do you mean by “unresolved childhood loss” issues?
A: In my own counseling practice, I do a lot of what
I call "unresolved childhood loss issue" work. What
this means is, most of us have at least some degree of spiritual
woundedness from our pasts. Some of it may be remembered,
and some of it not. But we all experience various manifestations
of abuse and abandonment (see “abandonment”
Q&A). For some of us, it's obvious and easy to spot.
For others, the abuse or abandonment might be more subtle.
Either way, though, if left untreated, the hurt that lingers
can cause us to seek a variety of ways in which to "medicate"
the discomfort. For many of us, it's drugs and alcohol. For
others, it might be relationships, or sex, food, adrenaline-creating
activities like gambling or extreme sports, etc. We do all
of these things in order to numb the lingering pain caused
by the false "truths" that we had implanted in our
spirits long ago. I call this “kneeling at the false
altars,” and am currently working on a new book that
goes into greater detail about the concept of “addiction
If you’re seeing a counselor, I would ask him or her
about these things, and see if together you can explore some
of the ways in which your inner child might have been damaged,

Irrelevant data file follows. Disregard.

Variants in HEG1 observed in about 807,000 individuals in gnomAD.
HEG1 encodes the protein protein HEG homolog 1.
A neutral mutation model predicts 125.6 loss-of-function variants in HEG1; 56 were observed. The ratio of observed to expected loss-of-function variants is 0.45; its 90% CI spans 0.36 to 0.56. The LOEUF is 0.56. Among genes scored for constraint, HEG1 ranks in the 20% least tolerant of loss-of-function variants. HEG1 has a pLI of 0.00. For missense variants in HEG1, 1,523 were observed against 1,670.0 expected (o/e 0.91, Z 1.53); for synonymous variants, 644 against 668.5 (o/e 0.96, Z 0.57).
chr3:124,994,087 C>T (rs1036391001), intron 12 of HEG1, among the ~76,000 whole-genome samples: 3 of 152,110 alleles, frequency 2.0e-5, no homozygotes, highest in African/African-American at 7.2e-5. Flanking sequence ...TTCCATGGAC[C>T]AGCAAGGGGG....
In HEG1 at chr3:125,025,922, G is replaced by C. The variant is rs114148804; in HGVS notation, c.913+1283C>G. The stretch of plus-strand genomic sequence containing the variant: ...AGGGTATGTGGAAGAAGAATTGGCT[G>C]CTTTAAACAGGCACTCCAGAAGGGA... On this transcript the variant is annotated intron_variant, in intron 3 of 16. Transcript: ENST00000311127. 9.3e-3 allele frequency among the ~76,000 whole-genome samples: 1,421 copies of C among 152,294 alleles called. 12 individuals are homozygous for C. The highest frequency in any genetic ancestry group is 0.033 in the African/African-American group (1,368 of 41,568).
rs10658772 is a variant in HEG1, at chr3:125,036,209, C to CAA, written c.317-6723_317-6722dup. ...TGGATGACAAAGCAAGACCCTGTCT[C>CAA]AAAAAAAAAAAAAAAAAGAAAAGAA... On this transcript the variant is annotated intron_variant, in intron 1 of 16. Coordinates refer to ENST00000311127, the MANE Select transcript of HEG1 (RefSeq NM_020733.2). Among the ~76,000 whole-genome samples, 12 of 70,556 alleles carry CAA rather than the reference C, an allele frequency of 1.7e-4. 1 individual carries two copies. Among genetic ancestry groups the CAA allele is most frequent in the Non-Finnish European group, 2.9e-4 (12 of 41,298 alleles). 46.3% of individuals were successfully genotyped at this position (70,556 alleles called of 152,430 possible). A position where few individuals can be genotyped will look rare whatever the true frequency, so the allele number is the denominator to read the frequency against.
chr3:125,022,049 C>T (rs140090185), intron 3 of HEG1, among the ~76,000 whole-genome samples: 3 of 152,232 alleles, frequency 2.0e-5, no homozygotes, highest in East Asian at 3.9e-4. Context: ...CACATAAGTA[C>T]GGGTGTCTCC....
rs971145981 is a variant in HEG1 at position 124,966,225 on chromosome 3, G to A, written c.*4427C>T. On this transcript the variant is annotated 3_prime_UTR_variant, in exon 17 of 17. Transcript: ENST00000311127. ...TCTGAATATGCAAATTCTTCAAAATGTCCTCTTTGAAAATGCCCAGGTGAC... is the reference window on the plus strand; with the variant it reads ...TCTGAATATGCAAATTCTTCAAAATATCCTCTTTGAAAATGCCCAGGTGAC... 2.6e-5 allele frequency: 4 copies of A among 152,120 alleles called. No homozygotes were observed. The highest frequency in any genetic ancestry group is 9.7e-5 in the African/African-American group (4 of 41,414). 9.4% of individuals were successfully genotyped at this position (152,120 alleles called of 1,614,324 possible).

intentionally or otherwise. Once we determine the ways in
which we were hurt, we can ask God to lead us into healing,
and find through His love that He can replace whatever parts
of ourselves we might have lost.
Whether or not you choose to seek healing in a group or one-on-one
environment, make sure that the setting is one in which you
feel safe to share your inner self. Ask God to grant you over
time strength and courage beyond your own as you venture into
these frightening places of your past. It's our secrets that
kill us. Christ knows our secrets already, of course, but
by sharing with others we can discover His love through them.
New Life Ministries
– 1.800.NEW.LIFE (for counseling
Prodigal Song: A Memoir tells my story, including my own
childhood loss issues, and how Christ has healed--and continues
to heal--the wounds.